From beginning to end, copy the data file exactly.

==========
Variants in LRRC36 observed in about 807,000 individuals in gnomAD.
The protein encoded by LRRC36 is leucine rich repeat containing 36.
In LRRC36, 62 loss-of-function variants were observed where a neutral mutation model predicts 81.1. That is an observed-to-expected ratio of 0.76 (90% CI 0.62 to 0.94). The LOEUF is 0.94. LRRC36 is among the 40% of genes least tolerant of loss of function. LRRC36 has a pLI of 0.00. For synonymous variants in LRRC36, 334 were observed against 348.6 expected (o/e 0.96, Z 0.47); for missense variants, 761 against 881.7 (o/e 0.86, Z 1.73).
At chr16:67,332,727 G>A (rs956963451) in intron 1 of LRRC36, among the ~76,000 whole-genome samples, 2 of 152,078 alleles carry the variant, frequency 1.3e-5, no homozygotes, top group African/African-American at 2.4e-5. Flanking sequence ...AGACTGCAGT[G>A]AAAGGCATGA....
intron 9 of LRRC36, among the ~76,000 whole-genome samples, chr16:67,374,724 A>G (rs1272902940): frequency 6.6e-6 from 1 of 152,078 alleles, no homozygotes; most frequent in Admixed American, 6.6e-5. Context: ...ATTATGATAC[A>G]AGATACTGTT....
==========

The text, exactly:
Variants in LRRC36 observed in about 807,000 individuals in gnomAD.
The protein encoded by LRRC36 is leucine rich repeat containing 36.
In LRRC36, 62 loss-of-function variants were observed where a neutral mutation model predicts 81.1. That is an observed-to-expected ratio of 0.76 (90% CI 0.62 to 0.94). The LOEUF is 0.94. LRRC36 is among the 40% of genes least tolerant of loss of function. LRRC36 has a pLI of 0.00. For synonymous variants in LRRC36, 334 were observed against 348.6 expected (o/e 0.96, Z 0.47); for missense variants, 761 against 881.7 (o/e 0.86, Z 1.73).
At chr16:67,332,727 G>A (rs956963451) in intron 1 of LRRC36, among the ~76,000 whole-genome samples, 2 of 152,078 alleles carry the variant, frequency 1.3e-5, no homozygotes, top group African/African-American at 2.4e-5. Flanking sequence ...AGACTGCAGT[G>A]AAAGGCATGA....
intron 9 of LRRC36, among the ~76,000 whole-genome samples, chr16:67,374,724 A>G (rs1272902940): frequency 6.6e-6 from 1 of 152,078 alleles, no homozygotes; most frequent in Admixed American, 6.6e-5. Context: ...ATTATGATAC[A>G]AGATACTGTT....